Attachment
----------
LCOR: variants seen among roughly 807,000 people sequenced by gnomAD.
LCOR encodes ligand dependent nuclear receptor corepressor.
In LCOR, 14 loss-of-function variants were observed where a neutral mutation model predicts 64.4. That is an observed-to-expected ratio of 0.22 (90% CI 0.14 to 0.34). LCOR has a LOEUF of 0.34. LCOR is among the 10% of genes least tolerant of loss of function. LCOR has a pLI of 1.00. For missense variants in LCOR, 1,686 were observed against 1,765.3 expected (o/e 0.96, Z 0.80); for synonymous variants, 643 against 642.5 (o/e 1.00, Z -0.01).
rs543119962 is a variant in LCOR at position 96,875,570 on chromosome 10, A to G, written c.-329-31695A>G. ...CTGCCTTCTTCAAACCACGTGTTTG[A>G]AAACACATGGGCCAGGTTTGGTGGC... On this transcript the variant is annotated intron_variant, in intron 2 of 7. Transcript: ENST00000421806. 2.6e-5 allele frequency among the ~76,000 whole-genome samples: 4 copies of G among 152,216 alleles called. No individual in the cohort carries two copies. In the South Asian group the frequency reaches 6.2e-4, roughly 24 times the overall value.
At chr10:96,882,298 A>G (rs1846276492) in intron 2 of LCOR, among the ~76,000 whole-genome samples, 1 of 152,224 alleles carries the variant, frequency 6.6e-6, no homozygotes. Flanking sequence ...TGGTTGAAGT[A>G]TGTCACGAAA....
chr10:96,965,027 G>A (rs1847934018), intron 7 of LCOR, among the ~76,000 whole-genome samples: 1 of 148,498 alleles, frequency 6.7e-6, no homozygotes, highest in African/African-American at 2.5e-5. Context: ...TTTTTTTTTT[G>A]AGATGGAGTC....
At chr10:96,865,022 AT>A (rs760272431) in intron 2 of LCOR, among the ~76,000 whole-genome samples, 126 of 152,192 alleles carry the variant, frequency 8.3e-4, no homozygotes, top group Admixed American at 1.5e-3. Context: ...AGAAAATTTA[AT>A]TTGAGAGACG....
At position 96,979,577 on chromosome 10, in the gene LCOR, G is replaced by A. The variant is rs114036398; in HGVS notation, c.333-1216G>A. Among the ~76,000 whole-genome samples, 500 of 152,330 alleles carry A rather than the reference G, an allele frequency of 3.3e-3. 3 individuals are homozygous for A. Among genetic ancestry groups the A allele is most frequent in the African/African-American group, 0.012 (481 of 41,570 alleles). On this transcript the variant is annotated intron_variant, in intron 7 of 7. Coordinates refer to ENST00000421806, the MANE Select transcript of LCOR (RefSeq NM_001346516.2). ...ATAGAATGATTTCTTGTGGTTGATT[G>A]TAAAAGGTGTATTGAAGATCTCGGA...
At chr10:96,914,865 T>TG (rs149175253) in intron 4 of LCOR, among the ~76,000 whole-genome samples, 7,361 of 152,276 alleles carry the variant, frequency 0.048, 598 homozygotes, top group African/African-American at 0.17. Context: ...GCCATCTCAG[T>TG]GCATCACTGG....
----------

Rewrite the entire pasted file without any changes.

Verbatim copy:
LCOR: variants seen among roughly 807,000 people sequenced by gnomAD.
LCOR encodes ligand dependent nuclear receptor corepressor.
In LCOR, 14 loss-of-function variants were observed where a neutral mutation model predicts 64.4. That is an observed-to-expected ratio of 0.22 (90% CI 0.14 to 0.34). LCOR has a LOEUF of 0.34. LCOR is among the 10% of genes least tolerant of loss of function. LCOR has a pLI of 1.00. For missense variants in LCOR, 1,686 were observed against 1,765.3 expected (o/e 0.96, Z 0.80); for synonymous variants, 643 against 642.5 (o/e 1.00, Z -0.01).
rs543119962 is a variant in LCOR at position 96,875,570 on chromosome 10, A to G, written c.-329-31695A>G. ...CTGCCTTCTTCAAACCACGTGTTTG[A>G]AAACACATGGGCCAGGTTTGGTGGC... On this transcript the variant is annotated intron_variant, in intron 2 of 7. Transcript: ENST00000421806. 2.6e-5 allele frequency among the ~76,000 whole-genome samples: 4 copies of G among 152,216 alleles called. No individual in the cohort carries two copies. In the South Asian group the frequency reaches 6.2e-4, roughly 24 times the overall value.
At chr10:96,882,298 A>G (rs1846276492) in intron 2 of LCOR, among the ~76,000 whole-genome samples, 1 of 152,224 alleles carries the variant, frequency 6.6e-6, no homozygotes. Flanking sequence ...TGGTTGAAGT[A>G]TGTCACGAAA....
chr10:96,965,027 G>A (rs1847934018), intron 7 of LCOR, among the ~76,000 whole-genome samples: 1 of 148,498 alleles, frequency 6.7e-6, no homozygotes, highest in African/African-American at 2.5e-5. Context: ...TTTTTTTTTT[G>A]AGATGGAGTC....
At chr10:96,865,022 AT>A (rs760272431) in intron 2 of LCOR, among the ~76,000 whole-genome samples, 126 of 152,192 alleles carry the variant, frequency 8.3e-4, no homozygotes, top group Admixed American at 1.5e-3. Context: ...AGAAAATTTA[AT>A]TTGAGAGACG....
At position 96,979,577 on chromosome 10, in the gene LCOR, G is replaced by A. The variant is rs114036398; in HGVS notation, c.333-1216G>A. Among the ~76,000 whole-genome samples, 500 of 152,330 alleles carry A rather than the reference G, an allele frequency of 3.3e-3. 3 individuals are homozygous for A. Among genetic ancestry groups the A allele is most frequent in the African/African-American group, 0.012 (481 of 41,570 alleles). On this transcript the variant is annotated intron_variant, in intron 7 of 7. Coordinates refer to ENST00000421806, the MANE Select transcript of LCOR (RefSeq NM_001346516.2). ...ATAGAATGATTTCTTGTGGTTGATT[G>A]TAAAAGGTGTATTGAAGATCTCGGA...
At chr10:96,914,865 T>TG (rs149175253) in intron 4 of LCOR, among the ~76,000 whole-genome samples, 7,361 of 152,276 alleles carry the variant, frequency 0.048, 598 homozygotes, top group African/African-American at 0.17. Context: ...GCCATCTCAG[T>TG]GCATCACTGG....